The prior authorization period can take longer when patients have additional financial concerns, Davis added. Some additional financial paperwork has to be done, which is usually a disclosure the patient makes under a income cap, he said. The companies have not been asking for tax returns in these cases, he added.
Pockros discussed a telaprevir patient who had insurance, but then lost his job two weeks into treatment. By the time the patient notified Pockros, he had only three days to get the patient telaprevir so he would not miss a dose, but the patient’s COBRA insurance still had not gone into effect. Pockros said he was able to contact Vertex, and the company was able to ship the drug to the patient, in order to avoid missing any doses.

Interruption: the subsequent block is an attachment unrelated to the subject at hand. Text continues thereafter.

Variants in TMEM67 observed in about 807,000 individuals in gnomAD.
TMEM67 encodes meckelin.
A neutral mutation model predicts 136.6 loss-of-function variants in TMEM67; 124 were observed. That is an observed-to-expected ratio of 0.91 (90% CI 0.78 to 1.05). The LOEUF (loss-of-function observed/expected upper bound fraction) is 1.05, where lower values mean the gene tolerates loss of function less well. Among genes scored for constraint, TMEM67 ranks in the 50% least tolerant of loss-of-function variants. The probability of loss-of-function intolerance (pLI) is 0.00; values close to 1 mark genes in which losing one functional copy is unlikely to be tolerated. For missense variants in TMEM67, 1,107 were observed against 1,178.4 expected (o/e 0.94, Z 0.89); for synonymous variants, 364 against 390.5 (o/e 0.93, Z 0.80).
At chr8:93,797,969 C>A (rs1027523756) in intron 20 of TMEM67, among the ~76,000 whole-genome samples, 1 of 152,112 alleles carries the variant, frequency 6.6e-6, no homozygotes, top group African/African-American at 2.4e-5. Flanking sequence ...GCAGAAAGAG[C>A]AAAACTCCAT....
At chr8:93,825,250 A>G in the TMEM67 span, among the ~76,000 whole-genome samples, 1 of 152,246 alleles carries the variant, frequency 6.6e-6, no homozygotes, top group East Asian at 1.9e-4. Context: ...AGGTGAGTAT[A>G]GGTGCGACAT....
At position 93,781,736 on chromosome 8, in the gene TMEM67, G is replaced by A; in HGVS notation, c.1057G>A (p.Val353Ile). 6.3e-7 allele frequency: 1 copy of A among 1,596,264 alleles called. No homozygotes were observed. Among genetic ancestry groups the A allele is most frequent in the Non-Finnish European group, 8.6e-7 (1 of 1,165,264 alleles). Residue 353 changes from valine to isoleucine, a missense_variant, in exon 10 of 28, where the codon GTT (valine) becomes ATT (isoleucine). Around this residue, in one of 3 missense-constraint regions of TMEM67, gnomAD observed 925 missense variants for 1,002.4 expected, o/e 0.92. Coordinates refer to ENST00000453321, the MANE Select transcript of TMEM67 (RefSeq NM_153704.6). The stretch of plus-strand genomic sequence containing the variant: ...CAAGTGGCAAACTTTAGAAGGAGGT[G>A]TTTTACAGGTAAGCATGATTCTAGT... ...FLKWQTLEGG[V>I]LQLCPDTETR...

Palmer reported a scenario for a boceprevir patient, where the specialty pharmacy did not get the drug to the patient in time, but found that Merck was unable to get drug to the patient in this scenario. She said she brought this situation to Merck directly, and that the company is actively working to get a program in place.
The Merck spokesperson said scenarios like these do happen, which are outside of the company’s control, and the usual process by which a patient receives his/her drug. He said Merck has put into place both supply chain and specialty pharmacy initiatives to try to ensure rapid, immediate, and uninterrupted drug supply, but that “there are always going to be those wrinkles” to the usual process.
Both Pockros and Palmer said they typically keep pegylated-interferon and ribavirin on hand for such scenarios, but that there are currently no samples available for either drug, with physicians left to rely on these gap programs instead.
Vertex could not be reached for comment.
Patient Assistance Program
INCIVEK/Telaprevir and VICTRELIS (Boceprevir) Patient Assistance Programs